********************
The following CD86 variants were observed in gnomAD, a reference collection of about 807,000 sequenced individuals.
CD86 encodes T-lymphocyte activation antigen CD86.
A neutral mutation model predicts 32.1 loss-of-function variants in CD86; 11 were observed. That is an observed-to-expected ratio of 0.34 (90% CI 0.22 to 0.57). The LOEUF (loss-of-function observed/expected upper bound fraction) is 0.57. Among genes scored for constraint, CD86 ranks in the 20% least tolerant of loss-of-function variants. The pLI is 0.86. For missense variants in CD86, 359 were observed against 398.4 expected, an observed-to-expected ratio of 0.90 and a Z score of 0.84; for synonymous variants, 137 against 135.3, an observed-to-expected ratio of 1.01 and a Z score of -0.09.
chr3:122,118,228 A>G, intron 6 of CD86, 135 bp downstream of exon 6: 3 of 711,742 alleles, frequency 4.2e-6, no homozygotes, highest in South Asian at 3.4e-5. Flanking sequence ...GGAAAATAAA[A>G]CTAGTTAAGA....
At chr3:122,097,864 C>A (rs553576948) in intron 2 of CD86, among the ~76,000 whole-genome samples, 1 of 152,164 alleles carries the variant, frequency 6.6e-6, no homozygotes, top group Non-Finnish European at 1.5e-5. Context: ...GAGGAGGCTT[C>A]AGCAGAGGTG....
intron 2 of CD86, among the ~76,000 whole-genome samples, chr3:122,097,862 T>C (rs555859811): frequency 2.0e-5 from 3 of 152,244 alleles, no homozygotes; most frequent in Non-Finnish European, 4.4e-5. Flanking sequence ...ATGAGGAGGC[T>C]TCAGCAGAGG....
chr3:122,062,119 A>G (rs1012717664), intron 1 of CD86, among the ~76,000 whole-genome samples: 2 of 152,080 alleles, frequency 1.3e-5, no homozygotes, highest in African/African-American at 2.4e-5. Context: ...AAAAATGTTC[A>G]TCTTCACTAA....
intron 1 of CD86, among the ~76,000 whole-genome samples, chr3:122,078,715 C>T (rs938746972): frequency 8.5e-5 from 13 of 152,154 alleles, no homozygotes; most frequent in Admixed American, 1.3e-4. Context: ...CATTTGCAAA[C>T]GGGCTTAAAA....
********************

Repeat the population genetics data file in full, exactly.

The following CD86 variants were observed in gnomAD, a reference collection of about 807,000 sequenced individuals.
CD86 encodes T-lymphocyte activation antigen CD86.
A neutral mutation model predicts 32.1 loss-of-function variants in CD86; 11 were observed. That is an observed-to-expected ratio of 0.34 (90% CI 0.22 to 0.57). The LOEUF (loss-of-function observed/expected upper bound fraction) is 0.57. Among genes scored for constraint, CD86 ranks in the 20% least tolerant of loss-of-function variants. The pLI is 0.86. For missense variants in CD86, 359 were observed against 398.4 expected, an observed-to-expected ratio of 0.90 and a Z score of 0.84; for synonymous variants, 137 against 135.3, an observed-to-expected ratio of 1.01 and a Z score of -0.09.
chr3:122,118,228 A>G, intron 6 of CD86, 135 bp downstream of exon 6: 3 of 711,742 alleles, frequency 4.2e-6, no homozygotes, highest in South Asian at 3.4e-5. Flanking sequence ...GGAAAATAAA[A>G]CTAGTTAAGA....
At chr3:122,097,864 C>A (rs553576948) in intron 2 of CD86, among the ~76,000 whole-genome samples, 1 of 152,164 alleles carries the variant, frequency 6.6e-6, no homozygotes, top group Non-Finnish European at 1.5e-5. Context: ...GAGGAGGCTT[C>A]AGCAGAGGTG....
intron 2 of CD86, among the ~76,000 whole-genome samples, chr3:122,097,862 T>C (rs555859811): frequency 2.0e-5 from 3 of 152,244 alleles, no homozygotes; most frequent in Non-Finnish European, 4.4e-5. Flanking sequence ...ATGAGGAGGC[T>C]TCAGCAGAGG....
chr3:122,062,119 A>G (rs1012717664), intron 1 of CD86, among the ~76,000 whole-genome samples: 2 of 152,080 alleles, frequency 1.3e-5, no homozygotes, highest in African/African-American at 2.4e-5. Context: ...AAAAATGTTC[A>G]TCTTCACTAA....
intron 1 of CD86, among the ~76,000 whole-genome samples, chr3:122,078,715 C>T (rs938746972): frequency 8.5e-5 from 13 of 152,154 alleles, no homozygotes; most frequent in Admixed American, 1.3e-4. Context: ...CATTTGCAAA[C>T]GGGCTTAAAA....